Reel Life of Afghan Films: War and, Soon, Islam
Filmmakers in Afghanistan have withstood 10 years of Soviet occupation, seven years of an ongoing civil war, and a dire lack of resources only to find themselves targeted by the country's new, stricter Islamic government.
One of the first moves made by Prime Minister Gulbuddin Hekmatyar after taking up his post was to close all the cinemas in Kabul and he ordered filmmakers to produce only Islamic films.
There were not many cinemas left in a city that war has largely reduced to rubble. The ones that remained provided some relief for a population whose lives are marred by poverty and almost daily rocket attacks. Garish posters once adorned Kabul's cinemas and crowds of young men hung around outside, demonstrating a rare example of youth culture.
An old man standing in front of a cinema says he had spent half his life working behind the now-closed doors. The audiences who used to come to his cinema, he said, had nothing else to do.
"Now they're walking the streets," he says, "or getting involved in gambling. All the people that came here prayed, they were good Muslims. They just wanted to see films."
But not everyone is unhappy about the cinemas being closed. One local man says many had already abandoned them. "Most of Kabul's citizens are so frustrated by their economic and political situation," says Basir, "they have already forgotten about the fun things like cinema. If closing the cinemas is one condition of bringing peace to Kabul, then I'm sure people are ready to make that sacrifice."
Mr. Hekmatyar has said the doors will reopen only when the cinemas can show Afghan movies about Islam. Around 80 people, most working for nothing, make films on less than a shoestring budget.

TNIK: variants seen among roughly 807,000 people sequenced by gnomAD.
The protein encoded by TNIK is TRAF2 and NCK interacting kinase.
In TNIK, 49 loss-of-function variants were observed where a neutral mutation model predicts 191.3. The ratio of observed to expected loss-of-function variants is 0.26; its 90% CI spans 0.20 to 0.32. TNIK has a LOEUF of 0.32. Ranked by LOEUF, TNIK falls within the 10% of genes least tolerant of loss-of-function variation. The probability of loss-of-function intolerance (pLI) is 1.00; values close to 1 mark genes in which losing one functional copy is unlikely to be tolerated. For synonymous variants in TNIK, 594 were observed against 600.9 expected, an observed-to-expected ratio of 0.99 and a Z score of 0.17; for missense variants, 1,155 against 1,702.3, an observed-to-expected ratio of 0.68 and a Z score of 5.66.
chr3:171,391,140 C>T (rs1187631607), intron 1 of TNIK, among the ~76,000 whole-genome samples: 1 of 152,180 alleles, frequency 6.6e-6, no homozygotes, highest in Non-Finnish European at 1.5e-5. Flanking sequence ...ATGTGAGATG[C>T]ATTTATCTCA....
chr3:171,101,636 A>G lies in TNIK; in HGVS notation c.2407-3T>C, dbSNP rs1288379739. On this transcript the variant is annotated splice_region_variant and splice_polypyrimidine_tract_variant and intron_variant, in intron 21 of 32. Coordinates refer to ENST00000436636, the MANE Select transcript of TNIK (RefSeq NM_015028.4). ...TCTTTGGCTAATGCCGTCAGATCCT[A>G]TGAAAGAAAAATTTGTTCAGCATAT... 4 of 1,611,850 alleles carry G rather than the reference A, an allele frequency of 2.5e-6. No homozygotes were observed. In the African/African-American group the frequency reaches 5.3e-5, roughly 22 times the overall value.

"I will make films suitable for the government," film director Salim Shaheen says. "But I have always made films according to Islam."
Mr. Shaheen is the head of Keis Films, a private company that started 14 years ago and whose latest film, "Whirlpool," was made on a budget of $300. Shaheen raises money for his movies through video sales and government grants.
"Whirlpool," the story of a poor man falling in love with a rich girl, was censored by the new government before it could be shown on state television. Scenes showing romantic love, singing, and the girl's suicide had to be cut. Originally called "No Survivors," the name was changed after seven actors and crew were killed in a rocket attack last October. Shaheen barely survived.
The rockets were fired by the fundamentalist Taliban group, which has been besieging Kabul. In the half of the country it controls, the Taliban has banned all film and television. Shattered TV sets and streams of video tape hang from lamp posts as a warning.
"When [Taliban] killed my people," says Shaheen, "I felt more like making films. I wanted to continue in the memory of those people because making films was what they liked doing."
Despite - or perhaps because of - the civil war, Afghan films have a high level of violence. Actors do their own stunts and often get hurt.